This will be the final post in this series.
What is music?
Is there some quality that anything considered music must have?
Can any sound count as music?
Does all music express emotion?
Is the emotion that music expresses in the music itself? In the composer? In us, the listeners?
What makes music pleasurable to listen to?
Why do we listen to sad music?
This week I invited Lynette Westendorf, a local pianist and composer, to visit our philosophy sessions to perform John Cage’s 4’33” and to join the conversation with the students and me about the nature of music. We met in the school band room, and we began by asking the students to consider the above questions, which I wrote on the board, as they listened to Cage’s piece. Lynette talked a little about Cage and his work, and then sat at the piano to perform the piece.
It was interesting to watch the students try to figure out what was going on as Lynette raised and lowered the piano lid at various intervals to mark the beginnings and ends of the movements. After 4 minutes and 33 seconds, she stood and bowed. In both classes in which we did this, the twenty plus students had all been incredibly respectful and quiet, and as she bowed they applauded.
First, I asked the students what they were thinking while Lynette was performing the piece. They had various answers — “I thought she was preparing for a really long time to start playing.” “I thought that she was doing some kind of spiritual preparation before starting.” “I thought that maybe she was having an anxiety attack.” — but all said that they had realized eventually that the point was that she would not play anything. I told the students that they were a far better and more accepting audience than the audience that first witnessed the performance of this piece in Woodstock, New York, in 1952, who whispered, walked out, and burst into an infuriated uproar at the end.
I told the students that John Cage considered this piece to be a “listening experience.” What did they hear? They heard, they said, “the shuffling of feet,” “the sound of the piano lid,” “the movement of bodies in chairs,” and “the humming of the room.”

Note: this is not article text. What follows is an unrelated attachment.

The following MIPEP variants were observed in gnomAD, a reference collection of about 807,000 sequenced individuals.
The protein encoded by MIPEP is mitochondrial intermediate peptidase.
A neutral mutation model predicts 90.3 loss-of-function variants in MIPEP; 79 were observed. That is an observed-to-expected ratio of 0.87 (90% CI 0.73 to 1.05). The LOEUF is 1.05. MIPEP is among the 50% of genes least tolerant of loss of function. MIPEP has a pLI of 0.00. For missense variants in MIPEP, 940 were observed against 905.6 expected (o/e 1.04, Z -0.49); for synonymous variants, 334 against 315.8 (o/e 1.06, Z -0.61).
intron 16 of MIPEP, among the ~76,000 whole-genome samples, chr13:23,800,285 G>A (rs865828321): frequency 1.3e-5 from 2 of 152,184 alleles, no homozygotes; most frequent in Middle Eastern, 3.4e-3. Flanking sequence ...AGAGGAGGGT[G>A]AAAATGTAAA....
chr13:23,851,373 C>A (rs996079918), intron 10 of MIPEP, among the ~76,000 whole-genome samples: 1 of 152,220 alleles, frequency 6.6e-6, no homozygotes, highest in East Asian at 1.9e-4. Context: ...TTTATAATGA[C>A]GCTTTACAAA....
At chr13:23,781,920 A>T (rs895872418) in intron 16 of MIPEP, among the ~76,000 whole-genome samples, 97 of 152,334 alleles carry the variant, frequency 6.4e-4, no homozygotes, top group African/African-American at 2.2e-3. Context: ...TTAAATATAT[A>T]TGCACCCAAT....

Does the piece count as music?
The students were pretty divided in their views about that. A couple of students argued that it was music because the movements were timed and there was a lot of sound to which to listen.
One student said, “Yes, the piece is music because it is the sound of the world.”
Other students asserted that just because there are sounds doesn’t mean something is music.
One student took a book and dropped it on the floor, and asked, “Is this music?”
“Well,” said another student, “it could be. It depends on whether it is recognized as music.”
“What do you mean?” I asked.
“I think music exists when it is acknowledged as music. Anything can become music if it is understood by someone to be music.”
Other students claimed that to be music, there must be rhythm and it must be intentional. Does music have to be intentional? Lynette noted that Cage’s view was that it was not necessary for music to be intentional. Part of what he was trying to demonstrate with 4’33” is that music is already present in the world in the form of sounds that we often do not hear, like rain falling or a room humming.
We talked about how of all the arts, music was probably the form most central to human experience. One student pointed out that for most people, not a day goes by that we do not hear music in some form. And yet, we agreed, it is completely mysterious. Why do people like some forms of music and not others? Why does it make us feel so strongly? Can any sound be music? What really defines this art form about which many of us feel so passionately?